Comparison 1. Prophylactic versus selective blood transfusion

Outcome or subgroup titleNo. of studiesNo. of participantsStatistical methodEffect size

 1 Maternal death172Risk Ratio (M-H, Fixed, 95% CI)0.0 [0.0, 0.0]

 2 Severe maternal morbidity (pulmonary embolism)172Risk Ratio (M-H, Fixed, 95% CI)0.0 [0.0, 0.0]

 3 Severe maternal morbidity (congestive cardiac failure)172Risk Ratio (M-H, Fixed, 95% CI)1.0 [0.07, 15.38]

 4 Severe maternal morbidity (acute chest syndrome)172Risk Ratio (M-H, Fixed, 95% CI)0.67 [0.12, 3.75]

 5 Perinatal death176Risk Ratio (M-H, Fixed, 95% CI)2.85 [0.61, 13.22]

 6 Sickle cell crisis (pain crisis)298Risk Ratio (M-H, Random, 95% CI)0.42 [0.17, 0.99]

 7 Sickle cell crises (acute splenic sequestration)172Risk Ratio (M-H, Fixed, 95% CI)0.33 [0.01, 7.92]

 8 Sickle cell crisis (haemolysis)172Risk Ratio (M-H, Fixed, 95% CI)0.33 [0.04, 3.06]

 9 Blood transfusion reaction172Risk Ratio (M-H, Fixed, 95% CI)2.0 [0.54, 7.39]

 
Summary of findings for the main comparison. Prophylactic versus selective blood transfusion for sickle cell disease in pregnancy

Prophylactic versus selective blood transfusion for sickle cell disease in pregnancy

Patient or population: patients with sickle cell disease in pregnancy
Settings: Secondary or university hospitals in USA
Intervention: Prophylactic versus selective blood transfusion

OutcomesIllustrative comparative risks* (95% CI)Relative effect
(95% CI)
No of Participants
(studies)
Quality of the evidence
(GRADE)
Comments

Assumed riskCorresponding risk

ControlProphylactic versus selective blood transfusion

Maternal deathSee commentSee commentNot estimable72
(1 study)
⊕⊝⊝⊝
very low1,2
0 participants died in this study.

Severe maternal morbidity (pulmonary embolism)See commentSee commentNot estimable72
(1 study)
⊕⊝⊝⊝
very low1,2
0 participants experienced pulmonary embolism in this study.

Severe maternal morbidity (congestive cardiac failure)28 per 100028 per 1000
(2 to 427)
RR 1
(0.07 to 15.38)
72
(1 study)
⊕⊝⊝⊝
very low1,2

Perinatal death54 per 1000154 per 1000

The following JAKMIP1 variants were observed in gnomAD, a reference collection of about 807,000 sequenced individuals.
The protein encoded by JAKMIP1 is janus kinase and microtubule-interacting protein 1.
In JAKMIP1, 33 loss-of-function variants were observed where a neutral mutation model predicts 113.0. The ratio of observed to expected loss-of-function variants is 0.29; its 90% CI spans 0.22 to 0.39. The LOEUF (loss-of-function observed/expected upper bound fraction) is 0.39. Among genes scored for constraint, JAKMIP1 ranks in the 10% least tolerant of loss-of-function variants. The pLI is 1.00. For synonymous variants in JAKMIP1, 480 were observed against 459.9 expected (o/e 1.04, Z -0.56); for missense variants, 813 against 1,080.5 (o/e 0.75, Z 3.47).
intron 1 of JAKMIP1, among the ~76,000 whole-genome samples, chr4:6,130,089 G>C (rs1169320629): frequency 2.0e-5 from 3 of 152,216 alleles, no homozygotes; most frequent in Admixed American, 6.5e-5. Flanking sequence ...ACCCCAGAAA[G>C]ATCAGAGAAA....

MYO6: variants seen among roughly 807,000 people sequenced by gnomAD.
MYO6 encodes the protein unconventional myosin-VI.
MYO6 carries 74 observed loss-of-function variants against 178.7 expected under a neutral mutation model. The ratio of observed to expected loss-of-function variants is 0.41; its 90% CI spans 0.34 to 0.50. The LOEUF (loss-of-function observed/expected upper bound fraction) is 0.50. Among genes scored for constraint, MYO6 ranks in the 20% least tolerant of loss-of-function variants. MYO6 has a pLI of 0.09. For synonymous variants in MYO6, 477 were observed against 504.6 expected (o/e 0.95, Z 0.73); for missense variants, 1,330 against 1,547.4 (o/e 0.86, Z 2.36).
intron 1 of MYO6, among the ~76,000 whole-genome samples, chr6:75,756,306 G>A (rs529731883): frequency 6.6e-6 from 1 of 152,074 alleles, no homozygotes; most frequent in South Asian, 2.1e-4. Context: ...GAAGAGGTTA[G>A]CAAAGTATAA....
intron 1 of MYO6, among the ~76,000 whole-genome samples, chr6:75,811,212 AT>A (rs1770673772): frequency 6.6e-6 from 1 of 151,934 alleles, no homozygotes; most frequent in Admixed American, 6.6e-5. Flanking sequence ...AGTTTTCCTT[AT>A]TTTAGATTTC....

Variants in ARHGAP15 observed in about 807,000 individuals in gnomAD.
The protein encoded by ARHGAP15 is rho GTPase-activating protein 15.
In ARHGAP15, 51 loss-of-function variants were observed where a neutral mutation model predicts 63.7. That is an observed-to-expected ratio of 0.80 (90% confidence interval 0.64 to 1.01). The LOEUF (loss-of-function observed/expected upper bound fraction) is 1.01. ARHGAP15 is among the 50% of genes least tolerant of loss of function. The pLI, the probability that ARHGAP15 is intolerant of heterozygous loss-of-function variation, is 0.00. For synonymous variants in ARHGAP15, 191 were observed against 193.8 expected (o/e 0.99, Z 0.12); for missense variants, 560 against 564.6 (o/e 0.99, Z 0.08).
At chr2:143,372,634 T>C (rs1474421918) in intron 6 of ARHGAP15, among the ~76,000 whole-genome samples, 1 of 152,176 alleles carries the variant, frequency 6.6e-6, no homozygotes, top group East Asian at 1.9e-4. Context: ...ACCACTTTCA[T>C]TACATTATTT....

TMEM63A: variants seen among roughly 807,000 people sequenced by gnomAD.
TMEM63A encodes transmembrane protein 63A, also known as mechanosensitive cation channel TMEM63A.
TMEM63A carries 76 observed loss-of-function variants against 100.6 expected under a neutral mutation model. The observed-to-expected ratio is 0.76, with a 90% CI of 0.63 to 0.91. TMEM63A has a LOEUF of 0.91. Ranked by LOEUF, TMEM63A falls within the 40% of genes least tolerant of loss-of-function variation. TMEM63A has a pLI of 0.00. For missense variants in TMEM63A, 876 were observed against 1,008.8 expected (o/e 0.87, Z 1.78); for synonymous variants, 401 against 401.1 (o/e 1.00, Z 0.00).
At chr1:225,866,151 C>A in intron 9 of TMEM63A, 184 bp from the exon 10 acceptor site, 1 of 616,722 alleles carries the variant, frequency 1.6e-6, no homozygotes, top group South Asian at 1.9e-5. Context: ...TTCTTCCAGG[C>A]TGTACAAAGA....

(33 to 715)
RR 2.85
(0.61 to 13.22)
76
(1 study)
⊕⊝⊝⊝
very low1,2

Sickle cell crisis (pain crisis)Study populationRR 0.42
(0.17 to 0.99)
98
(2 studies)
⊕⊕⊝⊝
low3,4

490 per 1000206 per 1000
(83 to 485)

Moderate

481 per 1000202 per 1000
(82 to 476)

Sickle cell crises (acute splenic sequestration)28 per 10009 per 1000
(0 to 220)
RR 0.33
(0.01 to 7.92)
72
(1 study)
⊕⊝⊝⊝
very low1,5

Blood transfusion reaction83 per 1000167 per 1000
(45 to 616)
RR 2
(0.54 to 7.39)
72
(1 study)
⊕⊝⊝⊝
very low1,5

*The basis for the assumed risk (e.g. the median control group risk across studies) is provided in footnotes. The corresponding risk (and its 95% confidence interval) is based on the assumed risk in the comparison group and the relative effect of the intervention (and its 95% CI).
CI: Confidence interval; RR: Risk ratio;

GRADE Working Group grades of evidence
High quality: Further research is very unlikely to change our confidence in the estimate of effect.
Moderate quality: Further research is likely to have an important impact on our confidence in the estimate of effect and may change the estimate.
Low quality: Further research is very likely to have an important impact on our confidence in the estimate of effect and is likely to change the estimate.
Very low quality: We are very uncertain about the estimate.

 1 Study at moderate risk of bias due to unclear methods of random sequence generation and allocation concealment and use of unblinded interventions.
2 The number of events was zero and the total study population was small (n = 72). The confidence interval is likely to be very wide.
3 Studies at moderate risk of bias due to unclear methods of random sequence generation and allocation concealment and use of unblinded interventions.
4 Cumulative study population was relatively small (n = 98).
5 The number of events and total study population were very small. Confidence interval was very wide.
* Little variation in baseline risks.